But stats and numbers can’t begin to explain the depth and breadth of an Essence. So you got the impression that there was always something about the magazine that TI couldn’t quite put its finger on.
Here’s the thing: Time, Inc. has done an excellent job of reaching mass audiences. Four of its 21 titles are among the top 25 most widely circulated magazines in the country. (Thus it stands to reason that the top rated ones are the ones they’ll keep.) Time magazine has 3.2 million subscribers; People beats that at 3.6 million — and that’s not even counting single-copy sales or pass-along rates. Yes, Sports Illustrated and InStyle are for specific audiences — but for everybody in those audiences, every sports fan, every fashionista.
And here’s the problem: Essence was never a mass product. Essence was a religion. Black women bought it, read it, saved it, shared it. As the first major magazine for women of color, it was the publication its readers had grown up with. It was iconic. They believed in it; it believed in them. Even when (I suspect) people weren’t reading it as much, they still subscribed. They didn’t want NOT to have it.
To keep Essence essential, Time Inc. or a new parent company will need to understand how to do religion as well as it knows how to do magazines. Yes, the decision-makers could argue that religion is not their job; selling magazines is. But what is that but proselytizing — bringing new people into the fold and bringing the prodigals back? How do you do that but by appealing to them on a soul level?
So, who can do that best? Meredith certainly knows how to do niche and has a feel for “real people.” That’s evident in titles like More, attuned to a sophisticated woman over 40; Better Homes and Gardens, a shelter mag that feels like home; and its handful of family and parenting titles. If it can, as it claims, “tap into the special interests of women” like the Essence reader, Meredith might be a good match.
(Of course, there have always been those folks who thought that Essence should belong to Oprah.)
Whoever ultimately fills all those empty seats at Essence will have to find people who understand the Essence reader and the depth and nature of her devotion.
Today I learned that Michael Bullerdick, the latest managing editor of Essence Magazine–a highly influential publication whose first issue published in 1970–inadvertently outted himself on social media recently by expressing extreme right-wing beliefs that counter the history and long-standing values of the organization where he was hired last summer.
What’s notable about this story is that Mr. Bullerdick is a white man. While he is not the first white employee to make headlines–as Ellianna Placas did when she became the first white fashion director–he is the first white person and first man to be the managing editor of this publication geared to Black female readers.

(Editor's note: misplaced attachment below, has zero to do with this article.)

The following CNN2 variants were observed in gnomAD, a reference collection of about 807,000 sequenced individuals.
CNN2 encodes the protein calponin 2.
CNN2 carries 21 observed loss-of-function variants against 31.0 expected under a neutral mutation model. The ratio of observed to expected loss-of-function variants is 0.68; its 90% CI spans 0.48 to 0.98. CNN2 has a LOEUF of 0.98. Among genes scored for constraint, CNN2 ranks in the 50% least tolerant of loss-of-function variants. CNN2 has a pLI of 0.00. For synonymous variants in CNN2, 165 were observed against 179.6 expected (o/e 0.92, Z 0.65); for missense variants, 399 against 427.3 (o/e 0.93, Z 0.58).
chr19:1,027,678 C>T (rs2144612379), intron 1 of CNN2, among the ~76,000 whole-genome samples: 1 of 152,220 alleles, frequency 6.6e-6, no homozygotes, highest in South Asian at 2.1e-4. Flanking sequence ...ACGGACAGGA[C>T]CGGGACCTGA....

According to Richard Prince at Journalisms, Bullerdick was asked to leave after his posting habits on Facebook came to light…
The mismatch in values not surprising to me–even though I know very little about Bullerdick, personally. What I do know, however, is that Essence was acquired in 2005 by Time, Inc.–the largest magazine publisher in the U.S.–a corporate conglomerate that well understood the cumulative spending power of Black women.
In 2000, the Black owners of Essence sold 49% of this iconic company to Time. Why just 49%, you ask? Because by retaining 51% ownership of the company, they could technically say that Essence was still Black-owned (insert air quotes here).
My grandmother used to caution me that you can always tell the real politics of an organization by its board and its budget. Apply this wisdom to Essence, and you will find Time’s fingerprints everywhere…which brings us to Mr. Bullerdick.
Without Time’s control of Essence, Mr. Bullerdick wouldn’t have even gotten a job working in the mailroom based on his clear antipathy for the organizational values of Essence.
The choice to sell Essence to a media conglomerate was a purely financial decision. The problem with that choice is that–not surprisingly–it has eroded the brand and mission of this esteemed publication. It was strategically short-sighted decision by the original owners because they chose money over mission. And, as a consequence of taking the money to walk away from control of Essence, it also meant saying goodbye to a mission in service to a once under-valued, near invisible population, but now highly prized consumer base: Black women.